Emerson College’s only independent, student-run newspaper since 1947

The Berkeley Beacon

Emerson College’s only independent, student-run newspaper since 1947

The Berkeley Beacon

Emerson College’s only independent, student-run newspaper since 1947

The Berkeley Beacon

City Council considers accepting public safety grants at weekly meeting

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Ashlyn Wang
Boston City Hall. (Ashlyn Wang/Beacon Staff)

The Boston City Council considered distributing grants and supporting resolutions on public safety and the arts at its meeting on Feb. 7 in the Christopher Iannella Chamber at City Hall. 

Early on in the agenda, two public safety–related grants that would help bolster the city’s Emergency Operations System and Human Trafficking Units were considered. 

The first grant, docket 0282, would authorize the city to expend over $92,700 awarded by the Federal Emergency Management Agency (FEMA) to enhance the Office of Emergency Management (OEM)’s emergency operations center and increase professional development for OEM staff. 

Council President Ruthzee Louijeune initially referred the grant to the Committee on Public Safety and Criminal Justice. Councilor Brian Worrell, who serves as vice-chair of the committee, sought suspension of the council rules and passage of the docket. 

“This grant holds potential in bolstering the operational capacity of the Boston Emergency Operations Center,” said Worrell. “Given the low dollar amount and the critical nature of our emergency preparedness, I urge the suspension and passage of this grant.” 

Councilor Ed Flynn, former council president, objected to suspending the rules and passing this grant immediately, instead requesting a formal hearing. 

“I would like to learn more about this grant,” said Flynn. “I know my colleagues that are brand new as well would like to learn more about this grant.” 

Due to Flynn’s objection, the docket was sent to the committee. 

The second grant up for consideration, docket 0283, would allow the city to expend $65,000 awarded by the Massachusetts Gamic Commission to help coordinate and fund investigations led by the Boston Police Department’s Human Trafficking Unit. 

Worrell again sought suspension and passage of this grant, with Flynn’s objection coming soon after that. 

“I want the city councilors that are not present to learn about these grants,” said Flynn. “We’re not educating our council colleagues by passing a grant without our colleagues knowing about it.” 

This docket was also referred to the Committee on Public Safety and Criminal Justice, and Louijeune noted, “I am only in my second term as a city councilor, but we routinely passed these grants when [former] Councilor Flaherty was chair of the [Public Safety] Committee.” 

The council also heard more information about the city expending over $146,000 in the form of a STOP Grant awarded by the Department of Justice to help combat domestic violence. Specifically, the grant would fund a domestic violence advocate to work with victims in Jamaica Plain, East Boston, and Charlestown. 

Councilor Erin Murphy, chair of the Committee on Strong Women, Children, and Families, gave a detailed report on the public hearing held on Monday, Feb 5. on this docket. 

The hearing was attended by Councilor Liz Breadon, who serves as vice chair of the committee, in addition to Councilors Flynn, Weber, Louijeune, FitzGerald, Mejia, and Durkan. Jenna Savage, the deputy director of the city’s Office of Research and Development, testified on behalf of Mayor Michelle Wu’s administration at the hearing.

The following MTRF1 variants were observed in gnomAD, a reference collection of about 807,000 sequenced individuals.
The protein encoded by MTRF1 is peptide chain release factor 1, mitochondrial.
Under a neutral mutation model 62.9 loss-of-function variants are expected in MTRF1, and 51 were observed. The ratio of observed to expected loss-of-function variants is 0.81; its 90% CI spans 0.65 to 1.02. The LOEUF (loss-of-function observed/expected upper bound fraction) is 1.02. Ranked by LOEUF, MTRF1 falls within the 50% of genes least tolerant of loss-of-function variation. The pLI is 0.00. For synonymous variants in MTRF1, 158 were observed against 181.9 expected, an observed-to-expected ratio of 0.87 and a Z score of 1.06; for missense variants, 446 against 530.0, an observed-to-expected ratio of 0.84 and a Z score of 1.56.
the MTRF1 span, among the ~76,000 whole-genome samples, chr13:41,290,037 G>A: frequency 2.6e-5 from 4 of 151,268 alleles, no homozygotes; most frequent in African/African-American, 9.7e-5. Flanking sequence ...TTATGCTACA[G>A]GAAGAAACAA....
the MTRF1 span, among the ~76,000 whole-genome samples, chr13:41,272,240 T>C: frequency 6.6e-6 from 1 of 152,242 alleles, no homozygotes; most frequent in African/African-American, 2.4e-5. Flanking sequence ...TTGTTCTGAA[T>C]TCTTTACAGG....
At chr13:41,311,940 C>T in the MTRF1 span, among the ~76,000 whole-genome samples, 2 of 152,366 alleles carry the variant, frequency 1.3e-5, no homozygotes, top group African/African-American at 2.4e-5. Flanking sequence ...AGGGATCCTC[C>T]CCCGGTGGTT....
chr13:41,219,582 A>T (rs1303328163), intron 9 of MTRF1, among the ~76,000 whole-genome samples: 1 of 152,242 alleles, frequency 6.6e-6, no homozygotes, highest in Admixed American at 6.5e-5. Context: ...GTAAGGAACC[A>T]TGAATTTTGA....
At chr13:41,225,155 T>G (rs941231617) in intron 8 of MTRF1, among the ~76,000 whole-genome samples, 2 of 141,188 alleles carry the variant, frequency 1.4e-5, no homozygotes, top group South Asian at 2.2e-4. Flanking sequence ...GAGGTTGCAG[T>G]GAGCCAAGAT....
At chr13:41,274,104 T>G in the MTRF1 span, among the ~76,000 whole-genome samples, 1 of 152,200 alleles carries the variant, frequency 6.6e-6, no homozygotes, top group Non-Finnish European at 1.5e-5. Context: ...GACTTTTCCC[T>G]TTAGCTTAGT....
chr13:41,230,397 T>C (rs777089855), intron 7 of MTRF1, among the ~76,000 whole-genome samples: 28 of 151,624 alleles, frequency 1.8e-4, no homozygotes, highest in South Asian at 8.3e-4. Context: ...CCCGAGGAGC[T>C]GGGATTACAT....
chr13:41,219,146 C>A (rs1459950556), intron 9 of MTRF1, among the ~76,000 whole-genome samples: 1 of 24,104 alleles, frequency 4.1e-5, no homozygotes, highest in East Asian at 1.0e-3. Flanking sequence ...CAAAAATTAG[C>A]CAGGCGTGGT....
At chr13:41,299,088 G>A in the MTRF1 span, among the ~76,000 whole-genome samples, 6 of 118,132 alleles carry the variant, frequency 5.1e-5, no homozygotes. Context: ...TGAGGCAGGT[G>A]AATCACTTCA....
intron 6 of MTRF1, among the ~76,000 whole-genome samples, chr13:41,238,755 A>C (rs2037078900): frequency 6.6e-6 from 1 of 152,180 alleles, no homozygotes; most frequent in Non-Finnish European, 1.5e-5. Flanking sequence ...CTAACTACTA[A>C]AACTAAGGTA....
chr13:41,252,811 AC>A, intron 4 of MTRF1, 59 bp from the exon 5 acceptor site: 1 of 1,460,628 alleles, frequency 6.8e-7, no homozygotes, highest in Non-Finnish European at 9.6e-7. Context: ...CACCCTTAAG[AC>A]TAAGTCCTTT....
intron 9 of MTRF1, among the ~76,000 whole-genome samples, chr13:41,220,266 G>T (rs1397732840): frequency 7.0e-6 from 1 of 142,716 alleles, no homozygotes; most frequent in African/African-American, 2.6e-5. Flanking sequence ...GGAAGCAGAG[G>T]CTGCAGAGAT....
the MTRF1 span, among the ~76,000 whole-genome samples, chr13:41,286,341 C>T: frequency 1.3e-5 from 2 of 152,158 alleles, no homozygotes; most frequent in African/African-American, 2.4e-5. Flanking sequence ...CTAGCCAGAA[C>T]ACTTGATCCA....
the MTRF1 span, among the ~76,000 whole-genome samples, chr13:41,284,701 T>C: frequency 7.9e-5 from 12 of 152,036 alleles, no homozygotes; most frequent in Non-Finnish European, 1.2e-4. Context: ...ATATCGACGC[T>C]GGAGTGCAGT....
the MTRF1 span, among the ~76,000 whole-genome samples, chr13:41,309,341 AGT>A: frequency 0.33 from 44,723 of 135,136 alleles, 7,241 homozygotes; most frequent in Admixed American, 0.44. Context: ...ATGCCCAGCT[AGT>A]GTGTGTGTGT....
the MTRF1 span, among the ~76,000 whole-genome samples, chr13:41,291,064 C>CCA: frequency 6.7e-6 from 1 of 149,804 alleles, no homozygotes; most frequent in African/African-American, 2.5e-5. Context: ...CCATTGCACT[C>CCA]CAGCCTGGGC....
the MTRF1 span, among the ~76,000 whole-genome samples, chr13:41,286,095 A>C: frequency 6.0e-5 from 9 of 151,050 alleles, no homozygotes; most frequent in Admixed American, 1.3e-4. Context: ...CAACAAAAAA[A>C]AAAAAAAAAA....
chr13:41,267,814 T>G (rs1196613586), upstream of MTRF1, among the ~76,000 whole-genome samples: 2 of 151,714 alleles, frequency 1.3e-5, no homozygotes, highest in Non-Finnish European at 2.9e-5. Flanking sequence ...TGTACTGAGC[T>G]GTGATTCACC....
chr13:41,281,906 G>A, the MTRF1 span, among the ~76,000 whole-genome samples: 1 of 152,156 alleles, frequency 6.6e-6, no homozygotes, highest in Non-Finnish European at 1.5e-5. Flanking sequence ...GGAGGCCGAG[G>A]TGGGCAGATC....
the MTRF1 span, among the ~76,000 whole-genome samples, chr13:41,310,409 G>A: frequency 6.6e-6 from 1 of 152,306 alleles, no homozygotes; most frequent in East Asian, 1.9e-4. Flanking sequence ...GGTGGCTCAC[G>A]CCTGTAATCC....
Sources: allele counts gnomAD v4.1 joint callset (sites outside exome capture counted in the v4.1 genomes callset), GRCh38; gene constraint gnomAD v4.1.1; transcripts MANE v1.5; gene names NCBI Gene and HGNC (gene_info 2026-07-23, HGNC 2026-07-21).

In her testimony, Savage explained that their office applies for grants to fund “innovative, evidence-based services beyond what the operating budget can cover.” 

Murphy thanked her council colleagues who attended the hearing and noted, “We had a robust conversation and asked some great questions.” 

A vote was taken shortly after Murphy’s report out, and the docket passed unanimously 9-0, with councilors Breadon, Gabriella Coletta, Durkan, FitzGerald, Flynn, Louijeune, Murphy, Weber, and Worrell voting in the affirmative. 

A resolution supporting the Creative Spaces Act, designed to give cities the local option of creating zone spaces for creative spaces, was put before the council.

“There are so many instances in which we’ve been losing our creative, artistic spaces throughout the city,” said one of the act sponsors, Louijeuene. “Make sure that we are bringing out the creative talent of our city and making sure that we are maximizing how we can use our government dollars to support our artists and the art.”

Councilor Coletta, one of the resolution’s sponsors, emphasized that many other spaces receive priority in legislative protection.

“Our legacy as a vibrant and culturally rich city is at stake,” Coletta said.

Co-sponsor Breadon furthered this point, saying, “We have to recognize that the art and arts and culture are an essential part of our local economy in Boston.”

The act was unanimously passed.

Councilors also discussed a petition to waive the Boston Police Department’s maximum age requirement for Paul O’Brien, a 47-year-old Boston native who has spent 11 years as an EMT with Boston EMS, to join the police force. 

Murphy argued for O’Brien to receive the waiver, stating how much Boston’s EMS works with the fire and police departments and the nature of the work he is already doing.

 “He has the ability to connect with people, remain calm under pressure, and de-escalate tension, all things I know that the Boston Police Department would be very happy to take on,” said Murphy

The petition has been sent to the Committee on Government Operations, where a hearing on the matter will be held. 

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